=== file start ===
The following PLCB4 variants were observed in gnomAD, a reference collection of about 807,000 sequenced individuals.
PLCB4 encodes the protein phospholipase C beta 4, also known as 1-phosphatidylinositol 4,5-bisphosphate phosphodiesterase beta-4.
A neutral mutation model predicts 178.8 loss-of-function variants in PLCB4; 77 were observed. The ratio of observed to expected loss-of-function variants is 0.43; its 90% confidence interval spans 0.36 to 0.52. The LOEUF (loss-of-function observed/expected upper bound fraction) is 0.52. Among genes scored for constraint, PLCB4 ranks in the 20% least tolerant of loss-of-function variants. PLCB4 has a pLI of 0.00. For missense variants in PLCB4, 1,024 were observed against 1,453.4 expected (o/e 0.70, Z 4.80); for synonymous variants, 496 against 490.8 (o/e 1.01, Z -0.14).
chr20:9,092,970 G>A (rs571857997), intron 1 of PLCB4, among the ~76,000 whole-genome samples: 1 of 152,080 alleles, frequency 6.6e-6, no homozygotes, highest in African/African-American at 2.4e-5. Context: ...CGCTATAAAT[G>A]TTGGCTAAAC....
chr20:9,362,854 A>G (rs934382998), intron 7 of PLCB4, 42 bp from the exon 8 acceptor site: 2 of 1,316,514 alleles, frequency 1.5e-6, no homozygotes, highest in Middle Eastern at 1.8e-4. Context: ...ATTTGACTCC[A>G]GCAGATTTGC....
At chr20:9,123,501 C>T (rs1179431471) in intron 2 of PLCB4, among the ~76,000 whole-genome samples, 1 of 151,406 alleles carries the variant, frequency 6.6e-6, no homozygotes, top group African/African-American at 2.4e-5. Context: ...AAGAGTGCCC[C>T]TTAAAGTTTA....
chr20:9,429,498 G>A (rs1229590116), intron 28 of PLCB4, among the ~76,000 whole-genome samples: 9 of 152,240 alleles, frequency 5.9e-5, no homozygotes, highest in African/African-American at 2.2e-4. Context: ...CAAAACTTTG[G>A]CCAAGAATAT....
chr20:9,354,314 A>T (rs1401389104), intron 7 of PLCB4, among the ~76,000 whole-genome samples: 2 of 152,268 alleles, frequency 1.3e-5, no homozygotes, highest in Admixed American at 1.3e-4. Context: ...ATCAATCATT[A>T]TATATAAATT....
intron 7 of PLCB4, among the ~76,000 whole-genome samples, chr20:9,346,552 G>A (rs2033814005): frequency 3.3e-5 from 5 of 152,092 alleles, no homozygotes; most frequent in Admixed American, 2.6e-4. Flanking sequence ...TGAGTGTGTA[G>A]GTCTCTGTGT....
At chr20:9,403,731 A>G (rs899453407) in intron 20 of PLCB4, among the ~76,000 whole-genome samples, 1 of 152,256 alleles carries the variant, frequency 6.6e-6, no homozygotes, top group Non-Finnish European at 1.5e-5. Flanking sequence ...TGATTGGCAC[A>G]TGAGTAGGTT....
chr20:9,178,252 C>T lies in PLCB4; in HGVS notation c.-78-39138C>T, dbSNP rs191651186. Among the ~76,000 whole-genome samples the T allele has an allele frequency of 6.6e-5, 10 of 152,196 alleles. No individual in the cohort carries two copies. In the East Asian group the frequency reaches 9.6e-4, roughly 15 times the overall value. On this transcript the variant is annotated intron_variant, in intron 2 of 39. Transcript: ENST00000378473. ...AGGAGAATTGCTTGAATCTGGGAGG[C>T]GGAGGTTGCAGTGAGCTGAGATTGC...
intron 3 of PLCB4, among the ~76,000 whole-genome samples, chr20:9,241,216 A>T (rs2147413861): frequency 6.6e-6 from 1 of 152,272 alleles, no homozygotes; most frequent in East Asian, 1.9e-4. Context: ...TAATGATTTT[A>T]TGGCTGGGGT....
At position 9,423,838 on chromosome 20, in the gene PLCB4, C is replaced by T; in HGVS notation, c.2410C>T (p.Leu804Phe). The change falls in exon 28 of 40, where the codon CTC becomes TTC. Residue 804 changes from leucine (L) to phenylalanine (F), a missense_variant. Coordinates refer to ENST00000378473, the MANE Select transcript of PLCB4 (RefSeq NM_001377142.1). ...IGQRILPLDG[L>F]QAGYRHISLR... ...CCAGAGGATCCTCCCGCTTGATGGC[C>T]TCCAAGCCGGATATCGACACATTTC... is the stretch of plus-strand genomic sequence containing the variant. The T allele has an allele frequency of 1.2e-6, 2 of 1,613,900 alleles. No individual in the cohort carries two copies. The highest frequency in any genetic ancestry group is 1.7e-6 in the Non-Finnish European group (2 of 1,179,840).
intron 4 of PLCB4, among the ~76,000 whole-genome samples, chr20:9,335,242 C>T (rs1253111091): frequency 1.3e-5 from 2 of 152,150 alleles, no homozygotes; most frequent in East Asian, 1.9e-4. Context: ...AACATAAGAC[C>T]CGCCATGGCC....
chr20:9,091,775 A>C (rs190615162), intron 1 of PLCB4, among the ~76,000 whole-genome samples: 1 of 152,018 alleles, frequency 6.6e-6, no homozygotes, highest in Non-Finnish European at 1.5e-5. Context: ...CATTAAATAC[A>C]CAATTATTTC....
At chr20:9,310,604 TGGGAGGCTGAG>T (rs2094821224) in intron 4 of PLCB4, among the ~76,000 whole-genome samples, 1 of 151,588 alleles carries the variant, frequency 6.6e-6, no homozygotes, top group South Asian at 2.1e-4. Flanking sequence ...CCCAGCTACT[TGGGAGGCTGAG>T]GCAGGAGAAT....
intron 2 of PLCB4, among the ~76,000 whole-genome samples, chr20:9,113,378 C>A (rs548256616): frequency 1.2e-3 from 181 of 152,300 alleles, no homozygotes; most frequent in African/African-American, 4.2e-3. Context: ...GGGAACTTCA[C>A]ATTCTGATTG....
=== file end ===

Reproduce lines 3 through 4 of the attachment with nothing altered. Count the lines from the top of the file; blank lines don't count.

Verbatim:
A neutral mutation model predicts 178.8 loss-of-function variants in PLCB4; 77 were observed. The ratio of observed to expected loss-of-function variants is 0.43; its 90% confidence interval spans 0.36 to 0.52. The LOEUF (loss-of-function observed/expected upper bound fraction) is 0.52. Among genes scored for constraint, PLCB4 ranks in the 20% least tolerant of loss-of-function variants. PLCB4 has a pLI of 0.00. For missense variants in PLCB4, 1,024 were observed against 1,453.4 expected (o/e 0.70, Z 4.80); for synonymous variants, 496 against 490.8 (o/e 1.01, Z -0.14).
chr20:9,092,970 G>A (rs571857997), intron 1 of PLCB4, among the ~76,000 whole-genome samples: 1 of 152,080 alleles, frequency 6.6e-6, no homozygotes, highest in African/African-American at 2.4e-5. Context: ...CGCTATAAAT[G>A]TTGGCTAAAC....